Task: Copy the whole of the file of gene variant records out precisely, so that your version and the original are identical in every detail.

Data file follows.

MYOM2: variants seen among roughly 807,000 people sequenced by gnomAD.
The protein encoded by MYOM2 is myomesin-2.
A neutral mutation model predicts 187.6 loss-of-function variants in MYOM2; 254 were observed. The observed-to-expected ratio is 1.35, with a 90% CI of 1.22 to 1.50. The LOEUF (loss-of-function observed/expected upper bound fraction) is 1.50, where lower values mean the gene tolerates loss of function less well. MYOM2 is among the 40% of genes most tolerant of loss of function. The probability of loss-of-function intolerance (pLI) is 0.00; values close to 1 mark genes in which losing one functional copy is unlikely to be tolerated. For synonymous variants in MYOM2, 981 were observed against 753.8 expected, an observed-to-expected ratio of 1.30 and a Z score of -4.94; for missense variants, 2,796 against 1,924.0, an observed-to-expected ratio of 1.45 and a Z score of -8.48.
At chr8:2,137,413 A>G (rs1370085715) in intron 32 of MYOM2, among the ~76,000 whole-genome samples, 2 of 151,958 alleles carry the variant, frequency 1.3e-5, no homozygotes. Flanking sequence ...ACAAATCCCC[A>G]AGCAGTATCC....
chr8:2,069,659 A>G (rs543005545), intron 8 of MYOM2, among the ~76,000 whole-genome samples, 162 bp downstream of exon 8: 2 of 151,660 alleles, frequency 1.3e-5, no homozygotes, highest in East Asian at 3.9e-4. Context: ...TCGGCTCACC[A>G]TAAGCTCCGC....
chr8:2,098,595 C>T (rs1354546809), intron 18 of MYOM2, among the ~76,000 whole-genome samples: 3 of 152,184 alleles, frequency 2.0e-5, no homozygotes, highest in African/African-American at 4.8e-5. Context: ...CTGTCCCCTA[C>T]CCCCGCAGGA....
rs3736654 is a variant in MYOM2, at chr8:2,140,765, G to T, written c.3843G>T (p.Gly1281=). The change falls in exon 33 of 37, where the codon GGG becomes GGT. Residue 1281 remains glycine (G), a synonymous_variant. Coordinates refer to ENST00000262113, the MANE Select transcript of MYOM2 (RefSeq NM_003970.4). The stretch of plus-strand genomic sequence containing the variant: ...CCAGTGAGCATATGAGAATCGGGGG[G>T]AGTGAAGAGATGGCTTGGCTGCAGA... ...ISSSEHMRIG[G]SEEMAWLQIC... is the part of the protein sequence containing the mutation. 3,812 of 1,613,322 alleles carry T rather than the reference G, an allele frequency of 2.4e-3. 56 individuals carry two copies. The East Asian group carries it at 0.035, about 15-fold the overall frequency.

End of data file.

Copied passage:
MYOM2: variants seen among roughly 807,000 people sequenced by gnomAD.
The protein encoded by MYOM2 is myomesin-2.
A neutral mutation model predicts 187.6 loss-of-function variants in MYOM2; 254 were observed. The observed-to-expected ratio is 1.35, with a 90% CI of 1.22 to 1.50. The LOEUF (loss-of-function observed/expected upper bound fraction) is 1.50, where lower values mean the gene tolerates loss of function less well. MYOM2 is among the 40% of genes most tolerant of loss of function. The probability of loss-of-function intolerance (pLI) is 0.00; values close to 1 mark genes in which losing one functional copy is unlikely to be tolerated. For synonymous variants in MYOM2, 981 were observed against 753.8 expected, an observed-to-expected ratio of 1.30 and a Z score of -4.94; for missense variants, 2,796 against 1,924.0, an observed-to-expected ratio of 1.45 and a Z score of -8.48.
At chr8:2,137,413 A>G (rs1370085715) in intron 32 of MYOM2, among the ~76,000 whole-genome samples, 2 of 151,958 alleles carry the variant, frequency 1.3e-5, no homozygotes. Flanking sequence ...ACAAATCCCC[A>G]AGCAGTATCC....
chr8:2,069,659 A>G (rs543005545), intron 8 of MYOM2, among the ~76,000 whole-genome samples, 162 bp downstream of exon 8: 2 of 151,660 alleles, frequency 1.3e-5, no homozygotes, highest in East Asian at 3.9e-4. Context: ...TCGGCTCACC[A>G]TAAGCTCCGC....
chr8:2,098,595 C>T (rs1354546809), intron 18 of MYOM2, among the ~76,000 whole-genome samples: 3 of 152,184 alleles, frequency 2.0e-5, no homozygotes, highest in African/African-American at 4.8e-5. Context: ...CTGTCCCCTA[C>T]CCCCGCAGGA....
rs3736654 is a variant in MYOM2, at chr8:2,140,765, G to T, written c.3843G>T (p.Gly1281=). The change falls in exon 33 of 37, where the codon GGG becomes GGT. Residue 1281 remains glycine (G), a synonymous_variant. Coordinates refer to ENST00000262113, the MANE Select transcript of MYOM2 (RefSeq NM_003970.4). The stretch of plus-strand genomic sequence containing the variant: ...CCAGTGAGCATATGAGAATCGGGGG[G>T]AGTGAAGAGATGGCTTGGCTGCAGA... ...ISSSEHMRIG[G]SEEMAWLQIC... is the part of the protein sequence containing the mutation. 3,812 of 1,613,322 alleles carry T rather than the reference G, an allele frequency of 2.4e-3. 56 individuals carry two copies. The East Asian group carries it at 0.035, about 15-fold the overall frequency.